"I know all of you, all of us, have the best intentions. But I'm not interested in intentions. I'm interested in the work and the result," he told the Cabinet.
Many had feared a victory in Sunday's national election by anti-austerity parties could have prompted a disastrous confrontation with Greece's creditors, ending the flow of bailout funds and eventually forcing the country out of the 17-member eurozone.
In Brussels, European Commission President Jose Manuel Barroso welcomed the formation of Greece's new Cabinet, saying the EU will continue to work with Athens to bring back growth and job creation.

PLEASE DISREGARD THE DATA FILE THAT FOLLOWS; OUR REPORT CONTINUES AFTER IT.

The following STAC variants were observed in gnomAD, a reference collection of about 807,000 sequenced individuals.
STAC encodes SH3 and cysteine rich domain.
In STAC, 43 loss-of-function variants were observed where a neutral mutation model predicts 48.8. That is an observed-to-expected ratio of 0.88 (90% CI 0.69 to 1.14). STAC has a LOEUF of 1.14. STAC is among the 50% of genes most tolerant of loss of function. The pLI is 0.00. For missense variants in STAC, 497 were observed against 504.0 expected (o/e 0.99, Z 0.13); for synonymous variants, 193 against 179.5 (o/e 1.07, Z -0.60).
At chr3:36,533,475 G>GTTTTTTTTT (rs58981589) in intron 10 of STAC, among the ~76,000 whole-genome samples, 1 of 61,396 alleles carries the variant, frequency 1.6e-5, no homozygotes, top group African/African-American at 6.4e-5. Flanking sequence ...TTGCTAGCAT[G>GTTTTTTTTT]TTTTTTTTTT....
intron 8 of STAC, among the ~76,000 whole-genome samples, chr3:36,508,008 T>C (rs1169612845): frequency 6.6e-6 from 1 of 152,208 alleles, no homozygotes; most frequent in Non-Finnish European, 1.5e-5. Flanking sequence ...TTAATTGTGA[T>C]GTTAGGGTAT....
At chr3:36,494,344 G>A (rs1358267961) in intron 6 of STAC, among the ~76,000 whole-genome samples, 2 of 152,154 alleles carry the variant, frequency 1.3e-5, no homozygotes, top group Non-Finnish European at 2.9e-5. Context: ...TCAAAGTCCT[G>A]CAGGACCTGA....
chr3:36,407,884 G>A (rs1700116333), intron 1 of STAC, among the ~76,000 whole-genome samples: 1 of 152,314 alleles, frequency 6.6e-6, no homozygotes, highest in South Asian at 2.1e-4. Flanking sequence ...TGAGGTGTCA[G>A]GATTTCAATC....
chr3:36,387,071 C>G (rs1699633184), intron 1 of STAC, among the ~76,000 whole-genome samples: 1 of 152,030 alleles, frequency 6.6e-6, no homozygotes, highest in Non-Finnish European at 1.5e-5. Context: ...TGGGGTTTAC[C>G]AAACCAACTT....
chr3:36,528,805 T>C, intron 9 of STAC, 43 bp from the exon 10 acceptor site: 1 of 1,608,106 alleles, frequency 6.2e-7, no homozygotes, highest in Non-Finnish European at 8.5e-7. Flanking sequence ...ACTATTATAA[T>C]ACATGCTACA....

"I am particularly reassured that the new administration will count on ample and broad-based parliamentary support," he said in a statement. "I believe that this sends a clear signal of Greece's determination to honor its commitments and stay in the euro."Samaras' New Democracy party narrowly beat the anti-austerity Syriza radical left party in Sunday's election, but didn't win enough seats in Parliament to govern alone. After three days of talks, it formed a coalition with the third-place Socialists and the smaller Democratic Left party. Samaras, a 61-year-old U.S.-educated economist, campaigned on pledges to boost growth, cut taxes, seek extended deadlines to implement the country's pledges for more austerity, and raise the incomes of low earners, large families, police and fighter pilots. "I expect the party to keep its word and do what is said it will do," said Athens resident Leonidas Tiniakos, 58. "Samaras and the other parties which support the government have said that some parts of the bailout have to change. But it's the actions that matter, not the words." Tiniakos, who said he voted for New Democracy, added that the fact Greece now has a government "gives me a little hope." Kyriakos Tzaferos, an out-of-work civil engineer now working as a real estate agent, said the government deal could help restore market stability.